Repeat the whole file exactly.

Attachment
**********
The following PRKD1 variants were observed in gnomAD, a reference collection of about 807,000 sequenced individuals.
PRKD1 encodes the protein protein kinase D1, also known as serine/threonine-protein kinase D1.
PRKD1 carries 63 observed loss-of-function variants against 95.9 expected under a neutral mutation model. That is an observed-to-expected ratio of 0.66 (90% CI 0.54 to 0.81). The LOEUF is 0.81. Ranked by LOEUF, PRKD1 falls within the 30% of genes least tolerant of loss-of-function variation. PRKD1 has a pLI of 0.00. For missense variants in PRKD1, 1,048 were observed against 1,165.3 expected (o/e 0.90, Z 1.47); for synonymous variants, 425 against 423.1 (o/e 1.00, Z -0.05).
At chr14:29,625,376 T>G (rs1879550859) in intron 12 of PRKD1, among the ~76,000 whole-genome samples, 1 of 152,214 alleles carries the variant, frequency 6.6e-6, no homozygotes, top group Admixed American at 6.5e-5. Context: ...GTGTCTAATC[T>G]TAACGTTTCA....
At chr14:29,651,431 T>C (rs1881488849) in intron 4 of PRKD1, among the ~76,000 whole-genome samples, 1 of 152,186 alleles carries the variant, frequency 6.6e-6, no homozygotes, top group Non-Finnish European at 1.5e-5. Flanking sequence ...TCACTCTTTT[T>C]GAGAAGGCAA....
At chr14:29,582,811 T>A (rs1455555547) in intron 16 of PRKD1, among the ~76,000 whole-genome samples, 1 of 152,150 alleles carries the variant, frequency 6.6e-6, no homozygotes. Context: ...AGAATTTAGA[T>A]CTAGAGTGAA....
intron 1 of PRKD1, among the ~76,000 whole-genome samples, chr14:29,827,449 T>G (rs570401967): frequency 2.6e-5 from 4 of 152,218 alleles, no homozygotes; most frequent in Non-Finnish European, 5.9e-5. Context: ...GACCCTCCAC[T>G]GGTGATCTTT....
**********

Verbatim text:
The following PRKD1 variants were observed in gnomAD, a reference collection of about 807,000 sequenced individuals.
PRKD1 encodes the protein protein kinase D1, also known as serine/threonine-protein kinase D1.
PRKD1 carries 63 observed loss-of-function variants against 95.9 expected under a neutral mutation model. That is an observed-to-expected ratio of 0.66 (90% CI 0.54 to 0.81). The LOEUF is 0.81. Ranked by LOEUF, PRKD1 falls within the 30% of genes least tolerant of loss-of-function variation. PRKD1 has a pLI of 0.00. For missense variants in PRKD1, 1,048 were observed against 1,165.3 expected (o/e 0.90, Z 1.47); for synonymous variants, 425 against 423.1 (o/e 1.00, Z -0.05).
At chr14:29,625,376 T>G (rs1879550859) in intron 12 of PRKD1, among the ~76,000 whole-genome samples, 1 of 152,214 alleles carries the variant, frequency 6.6e-6, no homozygotes, top group Admixed American at 6.5e-5. Context: ...GTGTCTAATC[T>G]TAACGTTTCA....
At chr14:29,651,431 T>C (rs1881488849) in intron 4 of PRKD1, among the ~76,000 whole-genome samples, 1 of 152,186 alleles carries the variant, frequency 6.6e-6, no homozygotes, top group Non-Finnish European at 1.5e-5. Flanking sequence ...TCACTCTTTT[T>C]GAGAAGGCAA....
At chr14:29,582,811 T>A (rs1455555547) in intron 16 of PRKD1, among the ~76,000 whole-genome samples, 1 of 152,150 alleles carries the variant, frequency 6.6e-6, no homozygotes. Context: ...AGAATTTAGA[T>A]CTAGAGTGAA....
intron 1 of PRKD1, among the ~76,000 whole-genome samples, chr14:29,827,449 T>G (rs570401967): frequency 2.6e-5 from 4 of 152,218 alleles, no homozygotes; most frequent in Non-Finnish European, 5.9e-5. Context: ...GACCCTCCAC[T>G]GGTGATCTTT....